• Patrick Floersheim as Le Père Noël[6]
  • Alain Lalanne (credited “Alain Musy”) as Thomas de Frémont
  • François-Éric Gendron as Roland
  • Stéphane Legros as Pilou
  • Franck Capillery as Le Policier
  • Nicole Raucher as Louise
  • Gédéon as Charles
  • Charles de Feral as Cadre du Printemps
  • Marion Bureau as Marion
  • Mousse as Le Clown
  • Edmond Thanel as Chauffeur-Livreur
  • René Manzor as Responsable Stock


René Manzor and 3615 code Père Noël won Best Director and Best Film, respectively, at the 1990 Fantafestival.[7]

While James Simpson of UK Horror Scene criticized the film's lax approach to continuity, he still concluded that 3615 code Père Noël was "a fun French festive horror" with a standout and "definitely menacing" performance by Patrick Floersheim.[8] Virgile Dumez of aVoir-aLire also responded well to the film, praising the cast and direction, and noting that, "despite some clumsiness, it remains one of the best representatives of what French cinema can offer when it dares to leave its comfort zone."[9]


In 2018 the film had its North American premiere at the Fantastic Fest in Austin, Texas, after having been restored by American Genre Film Archive.[10][11]

See also[edit]


  1. ^ Lejealle, Catherine (17 March 2015). "Unfriended: le film qui en dit long sur le fonctionnement des réseaux sociaux (et qui va vous faire avoir peur d'Internet)". atlantico.fr. Atlantico. Retrieved 24 December 2016.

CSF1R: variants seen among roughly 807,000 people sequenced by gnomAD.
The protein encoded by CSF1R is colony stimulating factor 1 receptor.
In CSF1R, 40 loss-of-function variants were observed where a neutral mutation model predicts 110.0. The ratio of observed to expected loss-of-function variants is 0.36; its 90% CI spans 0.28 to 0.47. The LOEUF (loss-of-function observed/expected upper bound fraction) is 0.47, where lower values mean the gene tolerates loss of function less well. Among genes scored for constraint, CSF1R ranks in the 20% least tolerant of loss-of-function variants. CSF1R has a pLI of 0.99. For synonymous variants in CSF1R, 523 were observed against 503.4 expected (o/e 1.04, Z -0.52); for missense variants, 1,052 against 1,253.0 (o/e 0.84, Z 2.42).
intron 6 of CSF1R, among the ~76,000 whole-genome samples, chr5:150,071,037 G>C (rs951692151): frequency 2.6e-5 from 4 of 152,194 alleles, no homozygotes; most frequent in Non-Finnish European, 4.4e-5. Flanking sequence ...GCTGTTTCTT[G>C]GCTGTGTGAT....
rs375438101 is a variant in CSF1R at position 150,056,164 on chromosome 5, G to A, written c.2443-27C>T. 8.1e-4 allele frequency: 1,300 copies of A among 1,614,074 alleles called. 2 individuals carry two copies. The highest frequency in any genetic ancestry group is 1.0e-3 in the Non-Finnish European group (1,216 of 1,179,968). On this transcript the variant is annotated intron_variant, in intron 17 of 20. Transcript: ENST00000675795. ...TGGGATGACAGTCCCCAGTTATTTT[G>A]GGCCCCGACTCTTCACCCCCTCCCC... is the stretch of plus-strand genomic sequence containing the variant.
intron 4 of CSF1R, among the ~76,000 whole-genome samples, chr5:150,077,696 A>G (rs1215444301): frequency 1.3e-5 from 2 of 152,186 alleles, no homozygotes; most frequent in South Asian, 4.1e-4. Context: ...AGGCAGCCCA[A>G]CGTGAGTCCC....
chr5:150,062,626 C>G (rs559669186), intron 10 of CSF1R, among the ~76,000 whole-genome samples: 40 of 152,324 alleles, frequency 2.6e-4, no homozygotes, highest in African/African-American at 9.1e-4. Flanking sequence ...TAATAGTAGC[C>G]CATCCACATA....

2. ^ Malausa, Vincent (25 December 2013). "De Gremlins à 3615 Père Noël: les films à voir à Noël... et ceux à oublier". leplus.nouvelobs.com. L'Obs. Retrieved 24 December 2016.
  3. ^ Demoulin, Anne (24 December 2015). "Le père Noël en mode trash". 20minutes.fr. 20 minutes. Retrieved 24 December 2016.
  4. ^ Vanwetswinkel, Margaux (15 December 2016). "14 choses que vous ignorez encore sur Maman, j'ai raté l'avion". vanityfair.fr. Vanity Fair. Retrieved 24 December 2016.
  5. ^ Horowitz, Joy (15 March 1992). "Hollywood Law: Whose Idea Is It, Anyway?". nytimes.com. The New York Times. Retrieved 23 December 2016.
  6. ^ Jouanneau, Julien (5 March 2016). "Mort de Patrick Floersheim, célèbre voix de Michael Douglas, "visage avant tout"". lexpress.fr. L'Express. Retrieved 24 December 2016.
  7. ^ Comunale, Antonello (9 January 2012). "Un minuto a mezzanotte". sentireascoltare.com. Sentireascoltare. Retrieved 24 December 2016.
  8. ^ Simpson, James (19 December 2014). "James Simpson's Christmas World of Horror: 36:15 Code Pere Noel (France, 1989)". ukhorrorscene.com. UK Horror Scene. Retrieved 24 December 2016.
  9. ^ Dumez, Virgil (1 November 2016). "Maman, j'ai explosé le Père Noël!". avoir-alire.com. aVoir-aLire. Retrieved 24 December 2016.
  10. ^ Jones, Tamika (19 November 2018). "New Christmas cult classic alert: Dial Code Santa Claus is finally coming to America". news.avclub.com. The A.V. Club. Retrieved 25 December 2018.
  11. ^ "Dial Code Santa Claus". americangenrefilm.com. American Genre Film Archive. Retrieved 25 December 2018.

External links[edit]